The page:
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Steve's Guide to Gold Nugget Detectors
This is my latest "Nugget Detector Guide", now published for over ten years, updated February 2014 with some of the latest model information. Each model has a short description, followed by a very PERSONAL OPINION. Copyright 2002-2014 Herschbach Enterprises - Please do not reuse or repost without my express permission.
This is offered as a simple guide for those wanting a general comparison of the various nugget detectors available new with warranty, along with some kind of real opinion about them. That's all it is, folks, so take it or leave it for what it is worth. It's just that listing specs is of little help to people, and so I take my best stab at providing some guidance for those newer to detecting. These are only my opinions based on my experience with various detectors over the years. While I do have a lot of experience, I must throw in the caveat that I have not used all detectors under all conditions. What may be considered a good detector at one location may not be so good at another location. Detector performance is site specific and so your mileage may vary. Never forget that when reading comparisons on the internet.
Although many detectors sold today can potentially find gold nuggets, I've chosen to only list new units from major manufacturers that have a dedicated prospecting mode. They are the ones most people will be considering, and I have personally used all these models. There are many used models made since 1990 that would also do well but that would make an already long list too long.
Please, if you own one of these detectors, and I call it like I see it, don't take offense. Any nugget detector made will find gold in capable hands, and the owner is far more important than the detector model. I'll put a good operator with ANY detector up against a novice with whatever is deemed "best" and bet on the experienced operator every time. The person using the detector finds the gold. The detector is actually one of the less important factors in nugget detecting success or failure.
I’ve listed the Manufacturer Suggested Retail Price (MSRP) for each detector. In general, you can figure about 15% off these prices as “street price”. The detectors are listed in order by price.
A quick note to those who know nothing about these machines. These are metal detectors. There is no such thing as a "gold only" detector. These detectors will also find lead, copper, aluminum, and other metals. These units are best used to look for relatively larger pieces of gold at relatively shallow depths. Concentrations of gold dust are not detectable. Some of these units can hit gold that weighs as little as a grain (480 grains per ounce) or less but only at an inch or two. Only the larger nuggets can be found at depths exceeding a foot. Only world class nuggets weighing many ounces can be detected at over two feet. The vast majority of nuggets found are found at inches, not feet.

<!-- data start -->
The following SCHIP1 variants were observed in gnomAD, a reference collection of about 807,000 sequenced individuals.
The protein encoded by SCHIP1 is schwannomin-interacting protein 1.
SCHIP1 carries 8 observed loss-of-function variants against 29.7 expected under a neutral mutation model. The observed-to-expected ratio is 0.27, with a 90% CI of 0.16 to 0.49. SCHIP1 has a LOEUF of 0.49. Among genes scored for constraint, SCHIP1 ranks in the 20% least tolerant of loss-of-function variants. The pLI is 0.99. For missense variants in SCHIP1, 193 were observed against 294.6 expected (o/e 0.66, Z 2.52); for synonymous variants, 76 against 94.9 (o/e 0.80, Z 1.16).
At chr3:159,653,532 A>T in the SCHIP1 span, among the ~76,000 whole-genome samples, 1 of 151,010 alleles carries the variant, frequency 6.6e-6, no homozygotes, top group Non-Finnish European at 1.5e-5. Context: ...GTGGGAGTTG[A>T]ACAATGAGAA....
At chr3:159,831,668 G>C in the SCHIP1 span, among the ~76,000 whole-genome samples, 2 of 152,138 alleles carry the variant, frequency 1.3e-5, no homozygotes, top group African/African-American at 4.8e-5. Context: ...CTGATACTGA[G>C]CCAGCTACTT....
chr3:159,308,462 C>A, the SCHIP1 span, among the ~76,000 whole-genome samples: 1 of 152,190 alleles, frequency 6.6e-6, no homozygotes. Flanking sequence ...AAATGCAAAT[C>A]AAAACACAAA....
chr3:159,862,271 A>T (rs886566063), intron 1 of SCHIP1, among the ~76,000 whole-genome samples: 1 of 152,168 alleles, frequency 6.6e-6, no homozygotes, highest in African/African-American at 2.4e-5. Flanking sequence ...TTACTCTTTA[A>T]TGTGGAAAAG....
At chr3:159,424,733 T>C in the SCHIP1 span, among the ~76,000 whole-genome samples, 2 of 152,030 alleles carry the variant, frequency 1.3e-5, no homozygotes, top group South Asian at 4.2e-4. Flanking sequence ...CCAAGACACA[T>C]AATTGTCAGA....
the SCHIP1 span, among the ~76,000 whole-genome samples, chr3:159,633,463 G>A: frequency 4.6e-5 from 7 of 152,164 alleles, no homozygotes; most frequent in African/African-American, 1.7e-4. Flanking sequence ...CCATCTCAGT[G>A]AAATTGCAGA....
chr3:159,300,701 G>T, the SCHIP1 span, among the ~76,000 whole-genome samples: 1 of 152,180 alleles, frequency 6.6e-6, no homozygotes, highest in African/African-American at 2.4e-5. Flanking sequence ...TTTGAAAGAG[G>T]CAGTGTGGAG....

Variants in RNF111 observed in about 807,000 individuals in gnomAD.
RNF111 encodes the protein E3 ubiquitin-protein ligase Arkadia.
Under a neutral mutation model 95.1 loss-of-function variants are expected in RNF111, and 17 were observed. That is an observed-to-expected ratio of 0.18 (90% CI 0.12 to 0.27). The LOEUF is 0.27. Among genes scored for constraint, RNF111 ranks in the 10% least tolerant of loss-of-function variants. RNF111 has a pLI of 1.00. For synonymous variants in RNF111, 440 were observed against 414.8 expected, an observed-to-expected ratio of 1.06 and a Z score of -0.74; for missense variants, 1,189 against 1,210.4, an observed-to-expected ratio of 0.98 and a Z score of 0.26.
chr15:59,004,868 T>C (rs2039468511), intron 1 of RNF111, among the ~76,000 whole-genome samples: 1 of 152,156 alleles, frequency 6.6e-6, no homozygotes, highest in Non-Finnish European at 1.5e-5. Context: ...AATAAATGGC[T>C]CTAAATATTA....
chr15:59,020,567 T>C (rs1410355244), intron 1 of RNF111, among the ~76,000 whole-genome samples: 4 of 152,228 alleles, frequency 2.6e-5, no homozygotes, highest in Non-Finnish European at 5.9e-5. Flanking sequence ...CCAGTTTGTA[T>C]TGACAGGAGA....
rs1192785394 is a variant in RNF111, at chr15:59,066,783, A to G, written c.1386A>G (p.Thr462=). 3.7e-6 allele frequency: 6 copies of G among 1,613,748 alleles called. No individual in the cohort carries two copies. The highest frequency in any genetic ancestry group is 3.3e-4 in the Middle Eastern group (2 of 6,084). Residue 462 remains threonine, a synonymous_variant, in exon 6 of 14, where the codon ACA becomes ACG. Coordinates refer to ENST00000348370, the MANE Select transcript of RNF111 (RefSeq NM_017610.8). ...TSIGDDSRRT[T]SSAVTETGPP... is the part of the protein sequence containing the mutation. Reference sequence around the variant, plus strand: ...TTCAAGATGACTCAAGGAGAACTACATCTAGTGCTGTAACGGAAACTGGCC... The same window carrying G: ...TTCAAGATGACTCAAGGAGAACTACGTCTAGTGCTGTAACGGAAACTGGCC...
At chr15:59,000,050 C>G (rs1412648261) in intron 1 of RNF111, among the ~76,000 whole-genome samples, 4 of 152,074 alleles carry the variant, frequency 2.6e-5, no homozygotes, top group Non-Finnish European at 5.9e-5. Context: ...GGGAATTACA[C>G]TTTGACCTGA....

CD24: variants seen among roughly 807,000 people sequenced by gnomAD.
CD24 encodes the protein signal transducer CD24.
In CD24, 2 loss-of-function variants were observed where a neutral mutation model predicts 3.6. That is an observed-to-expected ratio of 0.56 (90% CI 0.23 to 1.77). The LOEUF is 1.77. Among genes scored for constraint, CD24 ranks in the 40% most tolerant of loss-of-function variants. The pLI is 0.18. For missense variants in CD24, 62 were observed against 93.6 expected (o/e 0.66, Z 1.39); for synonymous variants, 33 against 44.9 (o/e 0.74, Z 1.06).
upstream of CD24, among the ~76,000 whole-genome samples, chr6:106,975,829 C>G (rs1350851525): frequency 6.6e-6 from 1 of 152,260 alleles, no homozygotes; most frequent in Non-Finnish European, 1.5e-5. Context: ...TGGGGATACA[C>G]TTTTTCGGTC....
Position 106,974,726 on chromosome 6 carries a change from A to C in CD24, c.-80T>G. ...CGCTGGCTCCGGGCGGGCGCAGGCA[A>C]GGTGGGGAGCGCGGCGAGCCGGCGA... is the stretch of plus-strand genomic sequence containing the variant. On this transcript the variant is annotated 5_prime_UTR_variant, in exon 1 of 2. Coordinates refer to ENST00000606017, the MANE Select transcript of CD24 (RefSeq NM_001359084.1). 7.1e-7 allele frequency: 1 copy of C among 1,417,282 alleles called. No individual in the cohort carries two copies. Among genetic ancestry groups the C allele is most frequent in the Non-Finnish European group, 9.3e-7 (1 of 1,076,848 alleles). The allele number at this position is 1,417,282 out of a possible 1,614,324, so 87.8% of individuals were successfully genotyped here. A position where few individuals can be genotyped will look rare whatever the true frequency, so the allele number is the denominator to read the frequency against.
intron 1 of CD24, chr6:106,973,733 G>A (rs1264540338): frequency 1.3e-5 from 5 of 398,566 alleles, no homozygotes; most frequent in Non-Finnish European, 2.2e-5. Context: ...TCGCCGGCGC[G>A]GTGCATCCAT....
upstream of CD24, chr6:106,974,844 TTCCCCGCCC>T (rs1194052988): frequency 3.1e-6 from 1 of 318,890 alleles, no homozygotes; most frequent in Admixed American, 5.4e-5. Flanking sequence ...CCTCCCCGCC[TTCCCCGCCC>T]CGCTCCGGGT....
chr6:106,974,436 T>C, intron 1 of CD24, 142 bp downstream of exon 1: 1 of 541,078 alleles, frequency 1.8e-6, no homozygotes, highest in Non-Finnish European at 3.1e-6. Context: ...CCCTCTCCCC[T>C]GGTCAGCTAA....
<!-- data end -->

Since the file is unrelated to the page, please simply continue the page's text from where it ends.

Steve's Guide to Gold Nugget Detectors - Updated December 2013
White's GMZ (List $499.95, 50 kHz) - This detector from White's offers 50 kHz gold sensitivity at a very low price. Designed for the beginner with ease of operation in mind, the GMZ is tuned with only two controls and one switch. The weight including eight AA batteries is 3.4 lbs. The stock coil is a 6" x 10" DD elliptical or 4" x 6" DD elliptical - your choice. The GMZ can use the existing Goldmaster series coils and so has two accessory coils available.
Steve's Opinion - The GMZ sets a new low price point for a dedicated nugget detector at under $500 and also a new standard for ease of operation. The GMZ runs at 50 kHz and the GMT at 48 kHz so the two models do not interfere when used close to each other yet both models can share coils. The GMZ is rather unique in that it is designed to run silent (no threshold). The low price and ease of operation should appeal to some people. I much prefer myself to have a model that offers ferrous discrimination capability and that runs with a threshold sound and so for me the GMZ misses the mark.
Steve's Opinion - The Gold Stinger is basically an update of the old Garrett Ground Hog. It is interesting to note that newer detectors are now going back towards the 15 kHz frequency that Garrett has used for so many years. One thing I really do not like about the unit is the battery replacement scheme. You must pull the circuit board out into the open to replace the batteries. It exposes the machine to potential damage and is more complicated than it should be. It also suffers from a serious lack of accessory coils. The Gold Stinger actually has ok performance for its price and has some unique features, like its TR discrimination circuit. But I'm afraid the Stinger design is showing its age. I am surprised it is still on the market and expect Garrett will discontinue it sometime soon now that the new AT series has come out.